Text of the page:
The U.S. announced new COVID-19 testing requirements Wednesday for all travellers from China, joining other nations imposing restrictions because of a surge of infections. The increase in cases across China follows the rollback of the nation's strict anti-virus controls. China's "zero COVID" policies had kept the country's infection rate low but fueled public frustration and crushed economic growth. The new U.S. requirements, which start Jan. 5, apply to travellers regardless of their nationality and vaccination status.

In a statement explaining the testing, the U.S. Centers for Disease Control and Prevention cited the surge in infections and what it said was a lack of adequate and transparent information from China, including genomic sequencing on the viral strains circulating in the country. Some scientists are worried the COVID-19 surge in China could unleash a new coronavirus variant on the world that may or may not be similar to the ones circulating now. That's because every infection is another chance for the virus to mutate.

Benjamin Netanyahu's incoming hard-line Israeli government put West Bank settlement expansion at the top of its priority list, vowing to legalise dozens of illegally built outposts and annex the occupied territory as part of its coalition deal with ultranationalist allies. The coalition agreements, released a day before the government is to be sworn into office, also included language endorsing discrimination against LGBTQ people on religious grounds, contentious judicial reforms, as well as generous stipends for ultra-Orthodox men who prefer to study instead of work.

The package laid the groundwork for what is expected to be a stormy beginning for the country's most religious and right-wing government in history, potentially putting it at odds with large parts of the Israeli public, rankling Israel's closest allies and escalating tensions with the Palestinians. The guidelines were led by a commitment to "advance and develop settlement in all parts of the land of Israel," including "Judea and Samaria," the biblical names for the West Bank.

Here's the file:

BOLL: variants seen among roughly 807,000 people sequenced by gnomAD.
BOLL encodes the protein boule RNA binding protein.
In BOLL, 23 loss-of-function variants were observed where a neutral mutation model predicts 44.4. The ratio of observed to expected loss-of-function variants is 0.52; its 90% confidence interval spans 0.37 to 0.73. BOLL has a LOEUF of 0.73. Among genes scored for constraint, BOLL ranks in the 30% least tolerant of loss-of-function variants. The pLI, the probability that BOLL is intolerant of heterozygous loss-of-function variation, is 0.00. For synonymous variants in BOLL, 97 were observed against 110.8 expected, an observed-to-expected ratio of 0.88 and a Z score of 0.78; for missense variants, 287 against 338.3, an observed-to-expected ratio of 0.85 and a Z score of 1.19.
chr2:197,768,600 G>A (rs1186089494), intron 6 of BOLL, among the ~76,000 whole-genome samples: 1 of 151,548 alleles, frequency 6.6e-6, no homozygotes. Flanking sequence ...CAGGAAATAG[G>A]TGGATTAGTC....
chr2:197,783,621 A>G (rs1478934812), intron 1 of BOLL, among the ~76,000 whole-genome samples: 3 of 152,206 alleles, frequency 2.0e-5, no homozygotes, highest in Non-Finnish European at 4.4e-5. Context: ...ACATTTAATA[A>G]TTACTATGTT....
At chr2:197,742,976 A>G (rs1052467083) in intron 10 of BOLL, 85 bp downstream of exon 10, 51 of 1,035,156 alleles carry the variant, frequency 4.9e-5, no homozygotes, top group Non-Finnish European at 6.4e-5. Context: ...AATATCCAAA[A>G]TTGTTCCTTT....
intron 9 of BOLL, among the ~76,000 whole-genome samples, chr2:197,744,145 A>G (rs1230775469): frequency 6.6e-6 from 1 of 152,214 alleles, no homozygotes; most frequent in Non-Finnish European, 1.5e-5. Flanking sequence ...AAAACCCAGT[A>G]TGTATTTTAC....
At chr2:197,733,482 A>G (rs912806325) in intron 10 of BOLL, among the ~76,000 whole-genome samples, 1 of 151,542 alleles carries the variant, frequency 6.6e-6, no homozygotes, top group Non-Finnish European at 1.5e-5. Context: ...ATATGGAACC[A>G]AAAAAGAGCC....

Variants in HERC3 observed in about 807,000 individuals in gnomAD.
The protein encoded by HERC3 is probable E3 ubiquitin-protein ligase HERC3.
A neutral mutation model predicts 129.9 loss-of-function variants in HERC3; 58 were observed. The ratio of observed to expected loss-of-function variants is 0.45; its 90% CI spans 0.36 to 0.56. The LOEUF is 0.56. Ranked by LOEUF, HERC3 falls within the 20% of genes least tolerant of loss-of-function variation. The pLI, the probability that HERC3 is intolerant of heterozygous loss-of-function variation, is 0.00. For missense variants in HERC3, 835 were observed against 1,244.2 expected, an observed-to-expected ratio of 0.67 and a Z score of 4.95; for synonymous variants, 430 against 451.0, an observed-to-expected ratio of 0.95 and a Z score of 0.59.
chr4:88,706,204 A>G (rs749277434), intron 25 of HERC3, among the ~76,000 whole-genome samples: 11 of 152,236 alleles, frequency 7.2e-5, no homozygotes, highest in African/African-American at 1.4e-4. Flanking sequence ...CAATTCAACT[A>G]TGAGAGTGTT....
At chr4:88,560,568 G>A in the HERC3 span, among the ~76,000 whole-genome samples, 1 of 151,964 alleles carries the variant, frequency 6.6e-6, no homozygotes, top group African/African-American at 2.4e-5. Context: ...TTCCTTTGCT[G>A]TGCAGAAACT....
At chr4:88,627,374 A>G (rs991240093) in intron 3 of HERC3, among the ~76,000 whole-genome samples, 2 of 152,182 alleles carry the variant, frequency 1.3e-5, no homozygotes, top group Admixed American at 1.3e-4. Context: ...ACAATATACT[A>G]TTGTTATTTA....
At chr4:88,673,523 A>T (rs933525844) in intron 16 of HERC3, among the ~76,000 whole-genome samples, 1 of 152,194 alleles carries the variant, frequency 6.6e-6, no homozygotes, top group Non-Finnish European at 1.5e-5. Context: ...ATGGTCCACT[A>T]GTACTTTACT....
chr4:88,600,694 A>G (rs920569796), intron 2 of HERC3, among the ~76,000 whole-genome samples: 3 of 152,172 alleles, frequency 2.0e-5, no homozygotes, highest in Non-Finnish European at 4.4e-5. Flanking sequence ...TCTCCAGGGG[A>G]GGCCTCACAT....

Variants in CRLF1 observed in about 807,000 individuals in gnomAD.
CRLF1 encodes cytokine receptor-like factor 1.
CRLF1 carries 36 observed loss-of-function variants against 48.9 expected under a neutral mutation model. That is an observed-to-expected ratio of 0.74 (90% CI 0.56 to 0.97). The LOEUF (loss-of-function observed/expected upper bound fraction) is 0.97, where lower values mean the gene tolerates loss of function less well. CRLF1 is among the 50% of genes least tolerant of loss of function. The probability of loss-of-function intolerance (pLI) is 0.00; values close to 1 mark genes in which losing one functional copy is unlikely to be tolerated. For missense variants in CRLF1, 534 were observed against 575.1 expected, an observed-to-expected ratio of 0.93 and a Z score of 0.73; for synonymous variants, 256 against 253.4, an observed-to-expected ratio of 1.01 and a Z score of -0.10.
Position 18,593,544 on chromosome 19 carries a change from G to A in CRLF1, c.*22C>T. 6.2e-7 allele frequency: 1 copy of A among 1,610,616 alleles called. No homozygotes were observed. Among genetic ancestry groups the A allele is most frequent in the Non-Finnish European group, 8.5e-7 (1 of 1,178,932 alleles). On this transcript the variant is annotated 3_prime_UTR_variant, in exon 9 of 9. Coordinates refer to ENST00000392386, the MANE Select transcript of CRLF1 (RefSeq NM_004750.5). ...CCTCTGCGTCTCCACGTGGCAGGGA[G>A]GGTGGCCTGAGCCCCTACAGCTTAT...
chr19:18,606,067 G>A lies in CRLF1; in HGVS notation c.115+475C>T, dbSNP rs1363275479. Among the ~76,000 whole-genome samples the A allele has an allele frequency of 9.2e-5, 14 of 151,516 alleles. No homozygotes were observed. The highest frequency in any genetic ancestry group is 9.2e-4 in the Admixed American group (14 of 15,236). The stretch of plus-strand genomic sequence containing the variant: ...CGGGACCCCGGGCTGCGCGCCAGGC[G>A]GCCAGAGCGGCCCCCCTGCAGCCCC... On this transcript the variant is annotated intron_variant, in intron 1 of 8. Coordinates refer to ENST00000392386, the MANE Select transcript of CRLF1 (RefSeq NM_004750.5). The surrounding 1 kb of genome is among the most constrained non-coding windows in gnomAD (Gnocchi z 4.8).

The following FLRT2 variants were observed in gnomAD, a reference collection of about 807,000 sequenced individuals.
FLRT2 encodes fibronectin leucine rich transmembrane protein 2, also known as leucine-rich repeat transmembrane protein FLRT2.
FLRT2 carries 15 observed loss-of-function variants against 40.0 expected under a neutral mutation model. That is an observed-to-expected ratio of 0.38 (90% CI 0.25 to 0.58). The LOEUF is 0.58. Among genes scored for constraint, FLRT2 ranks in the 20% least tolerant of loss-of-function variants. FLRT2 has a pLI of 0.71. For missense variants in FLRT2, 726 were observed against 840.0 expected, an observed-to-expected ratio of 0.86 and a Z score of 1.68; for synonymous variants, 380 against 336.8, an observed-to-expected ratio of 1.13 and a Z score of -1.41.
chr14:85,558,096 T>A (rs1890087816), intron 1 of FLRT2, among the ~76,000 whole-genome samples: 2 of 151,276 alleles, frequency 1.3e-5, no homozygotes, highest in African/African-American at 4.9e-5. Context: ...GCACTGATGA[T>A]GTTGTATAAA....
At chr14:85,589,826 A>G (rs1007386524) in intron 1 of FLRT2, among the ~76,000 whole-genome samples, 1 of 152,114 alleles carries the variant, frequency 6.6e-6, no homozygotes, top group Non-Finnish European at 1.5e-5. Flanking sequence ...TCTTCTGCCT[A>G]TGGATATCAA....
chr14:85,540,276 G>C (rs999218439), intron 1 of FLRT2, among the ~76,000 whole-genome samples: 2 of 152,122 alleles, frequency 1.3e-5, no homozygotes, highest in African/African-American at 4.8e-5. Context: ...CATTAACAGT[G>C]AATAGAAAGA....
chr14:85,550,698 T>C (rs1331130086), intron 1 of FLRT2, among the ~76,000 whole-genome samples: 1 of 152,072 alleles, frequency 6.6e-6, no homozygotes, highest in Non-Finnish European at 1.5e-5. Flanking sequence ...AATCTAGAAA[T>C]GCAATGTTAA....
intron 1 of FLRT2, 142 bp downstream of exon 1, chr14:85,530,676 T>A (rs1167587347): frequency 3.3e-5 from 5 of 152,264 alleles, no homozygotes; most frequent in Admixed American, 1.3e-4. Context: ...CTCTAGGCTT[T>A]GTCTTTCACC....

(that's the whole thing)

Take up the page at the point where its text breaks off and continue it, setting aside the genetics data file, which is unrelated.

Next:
US energy giant ExxonMobil is suing the EU in a bid to force the bloc to scrap its new windfall tax on oil firms. A windfall tax is imposed on firms that benefitted from something they were not responsible for. Energy firms are getting much more money for their oil and gas, partly due to supply concerns as a result of Russia's invasion of Ukraine. But Exxon accuses Brussels of exceeding its legal authority, calling the measure "counter-productive".

ExxonMobil reported a quarterly profit of almost $20 billion (£17.3 billion) in October. In September, European Commission chief Ursula von der Leyen announced the plan for major oil, gas and coal companies to pay a "crisis contribution" on their increased 2022 profits. A 33% tax on this year's profits was announced, which were more than 20% higher than the average for the three previous years.

South Korea's president called for stronger air defences and high-tech stealth drones while the military apologised for failing to shoot down North Korean drones that crossed the border for the first time in five years. South Korea's military scrambled warplanes and attack helicopters on Monday (Dec. 26), but they failed to bring down any of the North Korean drones that flew back home or disappeared from South Korean radars.

It raised serious questions about South Korea's air defence network at a time when tensions remain high over North Korea's torrid run of missile tests this year. On Tuesday, the military again launched fighter jets and attack helicopters after spotting suspicious flight paths at a front-line area. A local county office sent emergency text messages notifying residents of a new batch of North Korean drones. But the military later said it was a flock of birds.

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